“Why did the Nephil in the red shirt want money?” she asked, climbing sideways into the passenger’s seat.  I waited a beat, trying not to think on the gesture, and climbed behind the wheel, closing us into the Jeep together.  Two nights ago it would have made things intimate as hell, and we would have ended up making out in the backseat for who knew how long.  Now it just felt tense, filled with memories and hurt.

“He was fund-raising for the Nephilim blood society.  I wish I had a better idea of what they’re planning.  If they need money, it’s most likely for resources.  Either that, or to buy off fallen angels.  But how, who, and why, I don’t know.”  I shook my head.  “I need someone on the inside.  For the first time, being an angel puts me at a disadvantage.  They’re not going to let me within a mile of the operation.”

She spoke up, “You said Scott and the Nephil in the red shirt are both part of the blood society, but they didn’t seem to know each other.  Are you sure Scott’s involved?”

“He’s involved.”

“Then how could they not know each other?”

“My best guess right now is that whoever’s running the society is separating the individual members to keep them in the dark.  Without solidarity, the chances of a coup are low.  More than that, if they don’t know how strong they are, the Nephilim can’t leak that information to the enemy.  Fallen angels can’t get information if the society members themselves know nothing.”

“And Marcie?” she hedged, trying to seem neutral.

“She likes poker,” I said noncommittally.  I put the Jeep in reverse.  “I should be going.  You going to be okay tonight?  Is your mom gone?”  She ought to have as much protection as possible, with me off the job now.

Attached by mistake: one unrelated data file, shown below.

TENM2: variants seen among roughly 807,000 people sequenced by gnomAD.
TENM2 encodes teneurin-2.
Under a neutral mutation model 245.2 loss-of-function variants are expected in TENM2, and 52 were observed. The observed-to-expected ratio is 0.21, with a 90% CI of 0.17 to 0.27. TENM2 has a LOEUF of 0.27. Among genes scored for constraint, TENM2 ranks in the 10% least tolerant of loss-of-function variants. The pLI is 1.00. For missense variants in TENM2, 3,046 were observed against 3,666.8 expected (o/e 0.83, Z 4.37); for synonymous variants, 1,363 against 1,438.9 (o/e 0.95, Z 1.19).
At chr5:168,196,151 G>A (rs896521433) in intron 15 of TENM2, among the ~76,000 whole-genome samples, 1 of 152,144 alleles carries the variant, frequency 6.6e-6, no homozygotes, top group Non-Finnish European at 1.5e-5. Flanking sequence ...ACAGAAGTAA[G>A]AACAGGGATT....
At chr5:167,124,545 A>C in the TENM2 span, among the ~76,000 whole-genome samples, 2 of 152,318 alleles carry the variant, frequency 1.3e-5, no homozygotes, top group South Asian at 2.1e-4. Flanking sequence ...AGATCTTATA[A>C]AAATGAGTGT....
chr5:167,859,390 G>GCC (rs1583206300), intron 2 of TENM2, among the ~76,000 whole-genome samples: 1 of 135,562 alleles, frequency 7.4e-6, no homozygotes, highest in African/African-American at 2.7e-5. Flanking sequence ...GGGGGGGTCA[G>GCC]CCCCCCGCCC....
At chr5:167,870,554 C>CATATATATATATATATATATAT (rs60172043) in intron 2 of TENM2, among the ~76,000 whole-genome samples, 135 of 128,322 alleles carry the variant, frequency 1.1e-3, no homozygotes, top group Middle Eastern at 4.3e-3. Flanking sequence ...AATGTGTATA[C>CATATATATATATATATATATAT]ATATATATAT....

Angel turned in her seat to face me.  “Marcie had her arms around you.”

“Marcie’s sense of personal space is nonexistent.”

“So you’re an expert on Marcie now?”

“What’s going on between the two of you?  What I saw didn’t look like business.”  Her voice was tight, thick, like she was holding back more tears.  But my sympathy was gone now that she was back at the game.

“I was in the middle of a game when she game up behind me.  It’s not the first time a girl has done that, and it probably won’t be the last.”

“You could have pushed her away.”

I sighed.  “She had her arms around me one moment, and the next moment the Nephil threw the cue ball.  I wasn’t thinking about Marcie.  I ran outside to check the perimeter in case he wasn’t alone.”

“You went back for her.”

I went back for you, too.  “I wasn’t going to leave her there.”

Angel sat back in her seat, thinking.  Why did everything have to have a double meaning, with her?

“I had a dream about Marcie’s dad last night.”

Not news to me, but if she knew I knew, she’d be suspicious, so I put on my best surprised face.

“You dreamed about Marcie’s dad?”

“I think I was in England.  A long time ago.  Marcie’s dad was being chased through a forest.  He couldn’t get away, because his cape got tangled in the trees.  He kept saying a fallen angel was trying to possess him.”

I pretended to ponder this, but Angel didn’t move, staring up at her house.  “Need me to walk through?” I suggested, glancing at my watch.

“I’m hesitating because I don’t want to get wet.  Besides, you have somewhere else to be.”  She pushed open the door and swung one leg out.  “That, and our relationship is over.  You don’t owe me any favors.”

Our eyes locked.  She’d said this to hurt me, but I wasn’t about to let her know she’d been successful.  She got out of the car and slammed the door, hurrying to her porch.  I waited until she was inside, hearing the click of the deadbolt, carrying way more finality than it should have.

Our relationship was over.  It didn’t seem possible.  We  had gone through hell together, to be together.  I loved her more than anything in this world and the next.

She could have died tonight.

And I wouldn’t have been able to do anything, because she’d fired me as her guardian angel.

I would have had to sit and watch as the love of my life’s own life was sapped out.  I would have had to sit and watch as she died, all over again.

I couldn’t handle that, not again.

Not again.